Employers are facing more disability discrimination lawsuits than ever – despite their best compliance efforts.
In the past year alone, over 25,000 ADA charges were filed by the EEOC.
The right way to accommodate
One area that’s often a point of contention? The accommodation process. Workers and employers can have a very different idea of how a disability should be accommodated.
And while each disability needs to be evaluated on a case by case basis, several recent court rulings shed further light on employers’ ADA accommodation responsibilities.
1. In Brumley v. United Parcel Service, a court ruled that ADA accommodations don’t necessarily have to be given to employees immediately.
Melissa Brumley delivered packages for UPS when she hurt her back lifting a heavy box from her truck.
She took leave to heal, and her doctor said when she returned to work she could no longer lift packages or drive. Since these were two essential functions of her job, Brumley’s manager put her on leave while waiting on more information from her doctor.
After beginning the interactive process and considering a reassignment, Brumley’s doctor cleared her to go back to her old job, and UPS ended the process.
But Brumley sued the company for failing to accommodate her during those weeks she was on leave, which resulted in loss of pay.
A district court ruled in favor of UPS, and on appeal the 6th Circuit agreed. It said just because the company didn’t accommodate the employee immediately didn’t mean it violated the ADA.
UPS began the interactive process and only stopped once Brumley was cleared to go back to her old job without an accommodation.
The key things the company did? Beginning the process and requesting additional info from Brumley’s doctor – this showed the court a good faith effort to comply with the ADA.
2. In Sharbono v. Northern States Power, a court ruled a company that failed to find an accommodation didn’t fail to fulfill its ADA duties.
After a foot injury, James Sharbono wasn’t able to wear the steel-toed boots required by his company’s safety procedures.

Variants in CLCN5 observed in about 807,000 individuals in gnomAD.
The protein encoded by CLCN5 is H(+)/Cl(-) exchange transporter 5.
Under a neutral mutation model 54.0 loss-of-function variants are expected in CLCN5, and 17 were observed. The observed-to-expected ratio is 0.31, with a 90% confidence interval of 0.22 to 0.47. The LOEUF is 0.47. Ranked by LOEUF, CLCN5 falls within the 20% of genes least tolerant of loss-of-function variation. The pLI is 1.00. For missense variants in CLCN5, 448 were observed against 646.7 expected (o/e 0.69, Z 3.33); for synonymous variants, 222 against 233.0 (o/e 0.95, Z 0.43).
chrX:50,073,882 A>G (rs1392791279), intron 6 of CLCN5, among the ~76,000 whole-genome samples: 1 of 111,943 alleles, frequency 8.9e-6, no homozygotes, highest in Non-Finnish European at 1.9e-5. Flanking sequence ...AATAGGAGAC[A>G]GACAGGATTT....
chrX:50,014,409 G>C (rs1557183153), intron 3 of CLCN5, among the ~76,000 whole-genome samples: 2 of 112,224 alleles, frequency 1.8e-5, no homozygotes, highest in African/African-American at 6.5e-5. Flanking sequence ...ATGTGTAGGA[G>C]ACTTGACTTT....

HR worked with Sharbono and suggested several accommodations, such as altering his boots and getting a custom pair made, but none worked out. Sharbono was forced to retire, and he sued for ADA violation.
But the 8th Circuit ruled the company acted in good faith. It worked with Sharbono and suggested several accommodations. It was only after exhausting all options that Sharbono was forced to retire. The court said the company fulfilled its ADA responsibilities, despite finding no accommodation for Sharbono.
3. In Stokes v. Nielsen, a court decided companies can be required to make accommodations that cover more than just essential job functions.
Jacqueline Stokes had impaired vision and received multiple accommodations that allowed her to do her job. Stokes then requested special meeting handouts, printed in large letters, that she could read beforehand.
Despite many promises from HR, Stokes never received her requested handouts. She sued, claiming to be denied a reasonable accommodation under the ADA.
While the company argued it gave Stokes everything she needed to do her job, therefore fulfilling its ADA responsibilities, the Fifth Circuit disagreed.
“Our circuit has explicitly rejected the requirement that requested modifications must be necessary to perform essential job functions to constitute a reasonable accommodation,” it said. And Stokes’ request was deemed reasonable.
This case shows if an employee makes a reasonable request for their job, it’s easier to just grant it.